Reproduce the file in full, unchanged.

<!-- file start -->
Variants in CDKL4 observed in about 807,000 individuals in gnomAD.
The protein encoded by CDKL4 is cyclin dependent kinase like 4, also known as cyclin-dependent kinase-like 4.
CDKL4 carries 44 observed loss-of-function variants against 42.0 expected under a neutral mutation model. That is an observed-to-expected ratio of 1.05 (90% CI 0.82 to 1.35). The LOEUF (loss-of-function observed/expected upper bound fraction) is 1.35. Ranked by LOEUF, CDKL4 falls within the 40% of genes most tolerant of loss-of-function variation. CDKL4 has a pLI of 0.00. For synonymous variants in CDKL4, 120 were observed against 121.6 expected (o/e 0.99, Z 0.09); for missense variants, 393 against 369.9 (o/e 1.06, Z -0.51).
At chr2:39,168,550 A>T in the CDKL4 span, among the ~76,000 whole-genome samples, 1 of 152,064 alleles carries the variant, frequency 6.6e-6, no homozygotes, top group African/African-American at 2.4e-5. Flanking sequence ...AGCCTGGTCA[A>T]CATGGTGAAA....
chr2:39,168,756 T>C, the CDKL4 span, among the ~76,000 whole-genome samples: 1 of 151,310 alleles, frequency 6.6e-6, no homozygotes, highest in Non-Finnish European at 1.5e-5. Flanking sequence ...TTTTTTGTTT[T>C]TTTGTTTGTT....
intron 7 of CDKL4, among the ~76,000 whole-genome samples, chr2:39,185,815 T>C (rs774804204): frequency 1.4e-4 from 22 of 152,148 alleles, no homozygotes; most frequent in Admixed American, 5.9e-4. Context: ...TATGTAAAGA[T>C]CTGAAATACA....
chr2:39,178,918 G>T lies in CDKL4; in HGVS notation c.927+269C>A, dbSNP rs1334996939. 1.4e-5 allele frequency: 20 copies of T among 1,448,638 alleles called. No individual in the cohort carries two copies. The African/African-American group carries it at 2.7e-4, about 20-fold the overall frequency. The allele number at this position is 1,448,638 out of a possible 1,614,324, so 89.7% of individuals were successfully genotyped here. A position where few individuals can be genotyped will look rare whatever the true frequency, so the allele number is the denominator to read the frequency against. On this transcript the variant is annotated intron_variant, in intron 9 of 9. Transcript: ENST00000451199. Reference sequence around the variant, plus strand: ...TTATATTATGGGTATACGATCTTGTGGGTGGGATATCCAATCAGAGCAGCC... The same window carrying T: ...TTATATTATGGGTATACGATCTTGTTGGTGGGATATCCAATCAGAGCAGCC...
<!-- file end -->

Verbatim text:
Variants in CDKL4 observed in about 807,000 individuals in gnomAD.
The protein encoded by CDKL4 is cyclin dependent kinase like 4, also known as cyclin-dependent kinase-like 4.
CDKL4 carries 44 observed loss-of-function variants against 42.0 expected under a neutral mutation model. That is an observed-to-expected ratio of 1.05 (90% CI 0.82 to 1.35). The LOEUF (loss-of-function observed/expected upper bound fraction) is 1.35. Ranked by LOEUF, CDKL4 falls within the 40% of genes most tolerant of loss-of-function variation. CDKL4 has a pLI of 0.00. For synonymous variants in CDKL4, 120 were observed against 121.6 expected (o/e 0.99, Z 0.09); for missense variants, 393 against 369.9 (o/e 1.06, Z -0.51).
At chr2:39,168,550 A>T in the CDKL4 span, among the ~76,000 whole-genome samples, 1 of 152,064 alleles carries the variant, frequency 6.6e-6, no homozygotes, top group African/African-American at 2.4e-5. Flanking sequence ...AGCCTGGTCA[A>T]CATGGTGAAA....
chr2:39,168,756 T>C, the CDKL4 span, among the ~76,000 whole-genome samples: 1 of 151,310 alleles, frequency 6.6e-6, no homozygotes, highest in Non-Finnish European at 1.5e-5. Flanking sequence ...TTTTTTGTTT[T>C]TTTGTTTGTT....
intron 7 of CDKL4, among the ~76,000 whole-genome samples, chr2:39,185,815 T>C (rs774804204): frequency 1.4e-4 from 22 of 152,148 alleles, no homozygotes; most frequent in Admixed American, 5.9e-4. Context: ...TATGTAAAGA[T>C]CTGAAATACA....
chr2:39,178,918 G>T lies in CDKL4; in HGVS notation c.927+269C>A, dbSNP rs1334996939. 1.4e-5 allele frequency: 20 copies of T among 1,448,638 alleles called. No individual in the cohort carries two copies. The African/African-American group carries it at 2.7e-4, about 20-fold the overall frequency. The allele number at this position is 1,448,638 out of a possible 1,614,324, so 89.7% of individuals were successfully genotyped here. A position where few individuals can be genotyped will look rare whatever the true frequency, so the allele number is the denominator to read the frequency against. On this transcript the variant is annotated intron_variant, in intron 9 of 9. Transcript: ENST00000451199. Reference sequence around the variant, plus strand: ...TTATATTATGGGTATACGATCTTGTGGGTGGGATATCCAATCAGAGCAGCC... The same window carrying T: ...TTATATTATGGGTATACGATCTTGTTGGTGGGATATCCAATCAGAGCAGCC...